Ok Google: Several of the enhancements on Lollipop were inspired by Motorola. The first is the ability to say “Ok Google” even if your phone is in standby mode. Your phone will wake and then you can use voice to search, send texts, and more. It requires compatible hardware, though, and so far we only know for sure that the Nexus 6 and Nexus 9 support it.
Double tap to wake: Speaking of waking up your Android device, you can just double tap the screen of the Nexus 9 tablet to wake it up. Like the advanced “Ok Google” command, it requires compatible hardware. Sorry, Nexus 6 buyers, but at least on the phone the power button is easier to find than it is on the Nexus 9.
Ambient Display: Another feature that’s made it over from the Moto X is the idea of displaying bits of information on your screen as it comes in without turning the whole thing on. On the Nexus 6, it’s much more advanced — basically you get black and white versions of what would normally be on the lock screen anyway. It requires an OLED screen to work, so for now it seems like this is going to be a Nexus 6-specific feature.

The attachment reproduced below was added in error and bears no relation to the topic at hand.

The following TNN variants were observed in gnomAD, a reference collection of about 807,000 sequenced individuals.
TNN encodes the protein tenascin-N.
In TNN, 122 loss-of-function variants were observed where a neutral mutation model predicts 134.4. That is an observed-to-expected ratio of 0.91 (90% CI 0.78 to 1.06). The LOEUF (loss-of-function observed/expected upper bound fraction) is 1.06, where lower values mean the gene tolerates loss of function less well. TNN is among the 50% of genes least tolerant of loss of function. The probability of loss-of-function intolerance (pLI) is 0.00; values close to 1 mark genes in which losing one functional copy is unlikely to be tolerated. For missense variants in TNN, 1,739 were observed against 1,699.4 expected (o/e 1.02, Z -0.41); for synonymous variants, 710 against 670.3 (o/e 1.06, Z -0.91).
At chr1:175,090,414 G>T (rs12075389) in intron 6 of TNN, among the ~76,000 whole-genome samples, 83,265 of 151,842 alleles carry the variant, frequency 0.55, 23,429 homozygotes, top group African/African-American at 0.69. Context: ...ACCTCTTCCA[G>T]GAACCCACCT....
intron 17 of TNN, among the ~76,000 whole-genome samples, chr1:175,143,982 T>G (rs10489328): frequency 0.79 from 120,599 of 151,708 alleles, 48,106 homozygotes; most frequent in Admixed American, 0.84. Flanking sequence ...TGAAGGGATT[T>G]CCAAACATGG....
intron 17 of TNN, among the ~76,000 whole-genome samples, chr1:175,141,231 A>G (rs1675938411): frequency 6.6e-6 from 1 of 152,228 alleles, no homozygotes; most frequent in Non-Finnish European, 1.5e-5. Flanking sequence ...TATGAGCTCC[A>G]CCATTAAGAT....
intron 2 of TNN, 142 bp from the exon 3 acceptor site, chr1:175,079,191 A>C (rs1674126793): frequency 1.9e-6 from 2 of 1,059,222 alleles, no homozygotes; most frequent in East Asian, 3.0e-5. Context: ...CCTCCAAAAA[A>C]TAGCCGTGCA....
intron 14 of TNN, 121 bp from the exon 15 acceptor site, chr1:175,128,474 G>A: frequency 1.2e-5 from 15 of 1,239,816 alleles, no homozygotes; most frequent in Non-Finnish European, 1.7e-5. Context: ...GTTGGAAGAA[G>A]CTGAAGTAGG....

Face unlock: Android’s face unlock feature has never really worked all that well. It’s kind of magical that it can recognize your face, but it’s often slow and usually needs really good lighting conditions to work. In Lollipop, Google has tweaked it so that it starts running silently as soon as you turn on your screen. Since you can interact with notifications on the lock screen now (see below), the idea is that you’d power it on, mess with a few notifications, and by the time you’re done Face Unlock has already kicked in and unlocked the phone.